February 22, 2021
For Andrés Reisinger, Dreamscapes Are a Necessity
The Argentinian artist and designer known for his 3D visualizations launches a new collection of work through an online exhibition and auction.
When his 3D rendering of a plush pink armchair went viral in early 2019, Argentinian artist and designer Andrés Reisinger heard from thousands of people on the internet trying to convince him to create the “real” thing. Reisinger eventually brought The Hortensia chair to life after a year of prototyping, and a physical version of it—made up of 20,000 polyester ‘petals’—has since been acquired by the Design Museum of Gent. The chair will soon be available to consumers globally. Reisinger’s work blurs the lines between real and imagined. The Shipping, the designer’s newest collection, builds off of this hybrid portfolio.
Last Friday, Reisinger launched his first 24-hour online auction featuring ten of his newest designs—four of which have physical counterparts and five that function as “impossible objects” available as prints of digital representations created using Cinema 4D software alongside the GLB/GLFT 3D model of the piece which allows each object to be used for virtual and augmented reality applications. The remaining design is an opportunity for the highest bidder to create a custom physical piece with Reisinger. All of them sold in less than ten minutes.
“I’ve been working on this [combined exhibition-auction] for the last four months, around 15 hours a day, every day. As an independent designer, I’m totally pumped and extremely grateful to see this hard effort rewarded,” Reisinger tells Metropolis. The winning bid to design the custom piece placed at just over $67,700.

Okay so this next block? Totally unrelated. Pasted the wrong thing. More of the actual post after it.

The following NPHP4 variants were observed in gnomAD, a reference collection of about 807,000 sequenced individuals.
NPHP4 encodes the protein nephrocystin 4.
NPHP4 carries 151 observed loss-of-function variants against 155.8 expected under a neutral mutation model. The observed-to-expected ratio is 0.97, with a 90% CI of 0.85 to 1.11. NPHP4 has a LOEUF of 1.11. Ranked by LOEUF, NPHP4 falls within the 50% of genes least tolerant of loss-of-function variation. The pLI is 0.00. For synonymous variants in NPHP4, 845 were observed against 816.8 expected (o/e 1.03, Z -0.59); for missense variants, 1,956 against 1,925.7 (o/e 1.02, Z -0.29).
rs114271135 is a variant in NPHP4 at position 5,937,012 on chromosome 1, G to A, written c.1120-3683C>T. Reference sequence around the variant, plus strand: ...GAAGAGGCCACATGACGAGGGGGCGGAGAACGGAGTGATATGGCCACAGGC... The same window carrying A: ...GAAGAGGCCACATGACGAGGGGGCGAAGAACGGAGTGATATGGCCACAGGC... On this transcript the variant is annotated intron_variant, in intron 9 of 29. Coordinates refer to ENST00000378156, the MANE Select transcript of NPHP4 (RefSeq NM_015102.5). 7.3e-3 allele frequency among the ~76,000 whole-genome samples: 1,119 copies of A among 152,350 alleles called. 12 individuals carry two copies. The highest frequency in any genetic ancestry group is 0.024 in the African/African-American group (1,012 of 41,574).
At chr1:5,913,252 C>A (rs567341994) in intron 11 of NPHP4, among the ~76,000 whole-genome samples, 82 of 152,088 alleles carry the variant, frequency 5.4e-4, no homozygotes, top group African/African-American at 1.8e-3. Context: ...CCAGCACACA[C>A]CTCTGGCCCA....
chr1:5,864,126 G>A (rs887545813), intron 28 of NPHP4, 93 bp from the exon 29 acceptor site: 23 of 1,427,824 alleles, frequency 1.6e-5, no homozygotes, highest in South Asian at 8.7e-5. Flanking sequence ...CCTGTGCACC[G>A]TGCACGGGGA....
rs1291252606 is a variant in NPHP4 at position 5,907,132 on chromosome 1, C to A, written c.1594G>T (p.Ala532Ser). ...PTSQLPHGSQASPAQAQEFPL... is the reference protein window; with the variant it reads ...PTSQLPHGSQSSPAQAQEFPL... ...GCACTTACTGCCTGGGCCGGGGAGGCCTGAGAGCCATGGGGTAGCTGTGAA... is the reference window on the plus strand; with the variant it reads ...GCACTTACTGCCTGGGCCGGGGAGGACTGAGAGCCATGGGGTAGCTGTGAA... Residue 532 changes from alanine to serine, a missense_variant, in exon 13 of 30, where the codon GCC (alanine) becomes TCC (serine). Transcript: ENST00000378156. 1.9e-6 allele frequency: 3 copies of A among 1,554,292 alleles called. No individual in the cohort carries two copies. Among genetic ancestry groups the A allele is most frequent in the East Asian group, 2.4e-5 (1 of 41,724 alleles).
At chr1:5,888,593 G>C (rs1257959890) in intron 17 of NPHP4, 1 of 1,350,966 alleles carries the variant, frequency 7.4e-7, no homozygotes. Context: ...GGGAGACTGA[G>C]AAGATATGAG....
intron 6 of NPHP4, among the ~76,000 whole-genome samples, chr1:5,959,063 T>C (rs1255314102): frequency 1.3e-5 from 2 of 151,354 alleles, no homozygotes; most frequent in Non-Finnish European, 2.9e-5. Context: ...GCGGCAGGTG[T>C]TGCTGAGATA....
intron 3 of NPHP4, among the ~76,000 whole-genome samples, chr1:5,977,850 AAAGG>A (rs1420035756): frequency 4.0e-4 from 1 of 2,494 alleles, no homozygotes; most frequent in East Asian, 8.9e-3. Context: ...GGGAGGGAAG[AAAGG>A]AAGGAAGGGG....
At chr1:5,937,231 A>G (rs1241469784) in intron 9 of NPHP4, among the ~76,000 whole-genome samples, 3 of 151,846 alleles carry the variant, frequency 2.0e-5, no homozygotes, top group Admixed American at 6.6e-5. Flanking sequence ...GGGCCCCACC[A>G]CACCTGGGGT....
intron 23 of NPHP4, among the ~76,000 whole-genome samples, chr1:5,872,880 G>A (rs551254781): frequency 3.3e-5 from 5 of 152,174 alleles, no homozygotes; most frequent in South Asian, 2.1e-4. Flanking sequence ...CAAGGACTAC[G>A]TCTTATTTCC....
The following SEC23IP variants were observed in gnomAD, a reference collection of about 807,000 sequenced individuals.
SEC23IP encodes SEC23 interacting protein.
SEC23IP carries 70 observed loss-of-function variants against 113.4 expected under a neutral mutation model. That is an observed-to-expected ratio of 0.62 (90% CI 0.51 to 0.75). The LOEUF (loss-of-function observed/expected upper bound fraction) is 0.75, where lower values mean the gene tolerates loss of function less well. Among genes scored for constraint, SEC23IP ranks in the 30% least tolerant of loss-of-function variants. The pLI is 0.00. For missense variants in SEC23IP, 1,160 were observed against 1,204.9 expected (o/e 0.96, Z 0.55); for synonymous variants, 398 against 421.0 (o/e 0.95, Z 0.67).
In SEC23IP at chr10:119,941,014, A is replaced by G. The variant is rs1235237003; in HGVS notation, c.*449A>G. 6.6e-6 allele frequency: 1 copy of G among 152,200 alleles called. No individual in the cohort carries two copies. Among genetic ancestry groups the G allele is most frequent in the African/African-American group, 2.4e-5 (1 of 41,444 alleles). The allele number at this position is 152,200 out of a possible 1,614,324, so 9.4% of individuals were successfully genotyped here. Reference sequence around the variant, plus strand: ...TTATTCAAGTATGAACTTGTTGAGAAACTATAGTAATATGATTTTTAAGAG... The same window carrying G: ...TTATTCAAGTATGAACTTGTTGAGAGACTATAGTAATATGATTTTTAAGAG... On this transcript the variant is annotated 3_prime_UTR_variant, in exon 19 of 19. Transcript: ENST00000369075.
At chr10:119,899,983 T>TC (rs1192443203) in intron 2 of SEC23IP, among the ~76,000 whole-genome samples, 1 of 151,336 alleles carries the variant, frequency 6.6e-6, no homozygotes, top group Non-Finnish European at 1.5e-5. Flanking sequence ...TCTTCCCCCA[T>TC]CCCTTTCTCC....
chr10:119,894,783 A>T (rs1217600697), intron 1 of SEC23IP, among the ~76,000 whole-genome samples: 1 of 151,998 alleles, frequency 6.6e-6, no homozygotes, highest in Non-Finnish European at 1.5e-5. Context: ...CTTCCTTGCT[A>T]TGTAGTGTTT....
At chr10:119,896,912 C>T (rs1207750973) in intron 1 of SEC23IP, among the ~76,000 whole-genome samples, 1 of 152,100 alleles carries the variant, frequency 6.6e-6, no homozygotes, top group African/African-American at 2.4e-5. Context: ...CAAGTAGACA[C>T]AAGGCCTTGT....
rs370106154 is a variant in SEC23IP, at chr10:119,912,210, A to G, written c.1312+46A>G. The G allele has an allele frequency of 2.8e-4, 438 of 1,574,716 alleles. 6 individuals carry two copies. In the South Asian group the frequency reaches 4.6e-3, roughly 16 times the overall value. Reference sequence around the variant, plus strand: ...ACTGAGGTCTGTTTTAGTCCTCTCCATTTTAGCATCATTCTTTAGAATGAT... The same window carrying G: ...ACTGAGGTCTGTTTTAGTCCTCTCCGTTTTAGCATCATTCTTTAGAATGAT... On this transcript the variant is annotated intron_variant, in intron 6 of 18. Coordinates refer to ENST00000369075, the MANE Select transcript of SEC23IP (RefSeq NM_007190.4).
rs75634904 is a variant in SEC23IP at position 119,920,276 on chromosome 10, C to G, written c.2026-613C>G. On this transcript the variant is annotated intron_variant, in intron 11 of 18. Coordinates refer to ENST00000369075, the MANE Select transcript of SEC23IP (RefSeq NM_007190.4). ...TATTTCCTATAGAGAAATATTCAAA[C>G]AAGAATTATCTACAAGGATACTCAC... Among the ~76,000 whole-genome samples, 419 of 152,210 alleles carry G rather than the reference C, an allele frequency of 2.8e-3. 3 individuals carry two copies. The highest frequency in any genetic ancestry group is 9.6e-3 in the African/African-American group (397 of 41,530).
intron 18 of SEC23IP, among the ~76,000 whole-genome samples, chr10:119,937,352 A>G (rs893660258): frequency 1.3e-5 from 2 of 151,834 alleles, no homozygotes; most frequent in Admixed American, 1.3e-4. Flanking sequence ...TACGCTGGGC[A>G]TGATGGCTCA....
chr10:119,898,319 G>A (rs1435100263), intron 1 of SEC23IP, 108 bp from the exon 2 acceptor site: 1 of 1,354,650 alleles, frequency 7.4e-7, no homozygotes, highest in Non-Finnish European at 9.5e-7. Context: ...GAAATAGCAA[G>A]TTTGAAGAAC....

The event comes at a moment when many artists and designers across the globe are searching for and building new realities using 3D-modeling and rendering, a movement popularly labeled as “dreamscapes.” Reisinger’s work in particular has been at the forefront of this movement, defining a new generation of aesthetics through his atmospheric visualizations and iterative design process leading to tactile manifestations of his designs. “I think that beyond a trend, creating dreamscapes is a necessity,” he explains, “We create the world we want to live in. Sometimes you just need to outline a goal visually in order to get there.”
Designing digital first has technological and environmental benefits as well, he adds: “The fact that we can explore infinite ways to build and design without having to negatively affect our world by generating waste…it’s very important that a large percentage of our culture exists in the digital space.”
Reisinger believes that once art and culture are “freed from spatial and temporal constraints,” rules about how we design and experience design can be re-written. He explains in an artist’s statement: “With 3D art as my medium, the objects and spaces I build invite a reconsideration of what it means to be immersed and to connect…As the physical and digital worlds continue towards unity, I will keep creating across them to signal that it’s no longer necessary to touch something in order to be touched by it.”
You may also enjoy “Form Follows Fantasy: The Rise of the “Dreamscapes” Movement”
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